Musings of a book event organiser
Tuesday, 16 October 2012
All the Devils Are Here
The Hundred of Axstane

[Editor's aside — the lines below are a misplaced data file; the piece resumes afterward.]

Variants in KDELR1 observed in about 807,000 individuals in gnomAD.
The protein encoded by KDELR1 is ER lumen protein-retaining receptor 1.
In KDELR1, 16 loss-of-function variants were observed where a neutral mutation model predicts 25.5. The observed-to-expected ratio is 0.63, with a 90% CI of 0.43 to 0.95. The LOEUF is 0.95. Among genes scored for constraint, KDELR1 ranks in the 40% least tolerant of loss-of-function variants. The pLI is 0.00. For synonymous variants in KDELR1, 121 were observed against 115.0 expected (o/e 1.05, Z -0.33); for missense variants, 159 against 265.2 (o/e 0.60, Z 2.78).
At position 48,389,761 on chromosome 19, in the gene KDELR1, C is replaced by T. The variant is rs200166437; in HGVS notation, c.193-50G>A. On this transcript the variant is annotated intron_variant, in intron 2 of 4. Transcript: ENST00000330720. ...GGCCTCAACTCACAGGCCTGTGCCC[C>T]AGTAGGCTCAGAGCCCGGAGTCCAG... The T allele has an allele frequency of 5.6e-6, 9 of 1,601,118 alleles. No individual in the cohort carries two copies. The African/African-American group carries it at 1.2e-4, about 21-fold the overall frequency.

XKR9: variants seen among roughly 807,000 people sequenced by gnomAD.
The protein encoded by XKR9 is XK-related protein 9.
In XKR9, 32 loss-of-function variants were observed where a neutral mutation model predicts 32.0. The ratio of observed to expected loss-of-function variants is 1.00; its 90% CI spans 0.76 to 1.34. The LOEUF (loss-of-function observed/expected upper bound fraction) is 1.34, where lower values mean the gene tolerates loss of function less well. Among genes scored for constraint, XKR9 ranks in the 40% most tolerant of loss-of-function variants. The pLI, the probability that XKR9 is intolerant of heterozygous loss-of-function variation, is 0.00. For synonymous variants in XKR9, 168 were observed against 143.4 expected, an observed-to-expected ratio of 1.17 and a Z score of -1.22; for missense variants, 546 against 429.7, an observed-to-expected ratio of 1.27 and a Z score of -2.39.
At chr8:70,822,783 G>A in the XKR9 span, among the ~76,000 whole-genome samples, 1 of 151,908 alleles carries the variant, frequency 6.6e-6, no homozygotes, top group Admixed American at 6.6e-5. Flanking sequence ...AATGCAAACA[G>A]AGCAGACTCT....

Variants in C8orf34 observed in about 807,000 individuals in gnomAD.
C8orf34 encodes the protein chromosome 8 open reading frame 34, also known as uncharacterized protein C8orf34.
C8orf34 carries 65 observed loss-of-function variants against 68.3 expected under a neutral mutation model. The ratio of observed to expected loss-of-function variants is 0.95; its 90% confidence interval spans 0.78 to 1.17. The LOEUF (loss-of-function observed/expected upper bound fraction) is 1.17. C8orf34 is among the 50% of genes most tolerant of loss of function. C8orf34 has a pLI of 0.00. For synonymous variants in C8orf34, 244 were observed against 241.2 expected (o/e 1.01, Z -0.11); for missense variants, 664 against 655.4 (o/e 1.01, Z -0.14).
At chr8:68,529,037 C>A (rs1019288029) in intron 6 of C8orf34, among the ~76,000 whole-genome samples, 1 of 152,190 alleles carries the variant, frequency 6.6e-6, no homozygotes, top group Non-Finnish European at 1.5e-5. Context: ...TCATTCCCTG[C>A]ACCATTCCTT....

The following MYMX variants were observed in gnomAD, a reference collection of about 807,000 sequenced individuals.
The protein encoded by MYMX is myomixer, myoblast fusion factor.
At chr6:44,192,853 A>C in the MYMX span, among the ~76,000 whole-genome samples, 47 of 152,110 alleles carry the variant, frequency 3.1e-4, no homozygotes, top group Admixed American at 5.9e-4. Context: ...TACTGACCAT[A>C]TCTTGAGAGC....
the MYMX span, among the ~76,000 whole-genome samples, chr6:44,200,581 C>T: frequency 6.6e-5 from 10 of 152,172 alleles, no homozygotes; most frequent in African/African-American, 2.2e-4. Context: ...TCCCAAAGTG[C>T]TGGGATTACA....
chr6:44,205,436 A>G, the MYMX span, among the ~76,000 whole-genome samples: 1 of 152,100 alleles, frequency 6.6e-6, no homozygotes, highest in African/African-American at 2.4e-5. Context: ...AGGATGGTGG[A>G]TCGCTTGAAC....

I have over one hundred pictures in my house, most of them all in one room, hung from floor to ceiling on every wall - even above the doorway. This one is a map of the Hundred of Axstane in Kent where I spent my childhood. The River Thames marks its northern boundary, and the river Darent runs through it. My present postcode in Moffat includes the letters 'AX' and immediately before I came to Moffat, I lived for many years in a place with 'stane' (stone) in its name. To understand my home county of Kent, I recommend a book: All The Devils Are Here by David Seabrook. There is a chapter in it about the mad Victorian artist Richard Dadd who murdered his father in the grounds of Cobham Hall where my daughters went to school. I was also at school in Kent, further from home in the Weald, at Benenden. Seabrook's book has a chapter on Margate where T S Eliot wrote the greatest poem of the 20th century: The Waste Land. It is a poem about the First World War, written in the aftermath by someone who was not a soldier, or at the front. Nevertheless, it should be part of the events being set in motion to remember that war from 2014 to 2018. There is a reference to my home territory in Ian Fleming's Bond novel Moonraker, a scene where the villain attempts to kill Bond by releasing an industrial-sized roll of paper from a Reed's paper lorry in an attempt to crush 007 in his sports car as he follows the truck up the aptly named Death Hill, not far from our front door and just short of Brand's Hatch the motor racing circuit. The area is favoured by south London villains of the Brinks Mat variety. Darenth valley was the site of many paper mills as well as the only early (4th century) Christian house church in the world. The only other one is (or maybe, in light of the recent bombings, that should be 'was'?) in Syria. I left the house where my parents and siblings lived for a boarding school at Bexhill on Sea when I was 7, since when it ceased to be home in the sense that most people speak of 'home' - a place where I felt I securely belonged. How can people who had a proper home for the whole of their childhood and youth ever regard those of us who were sent away to school at that age as 'privileged'?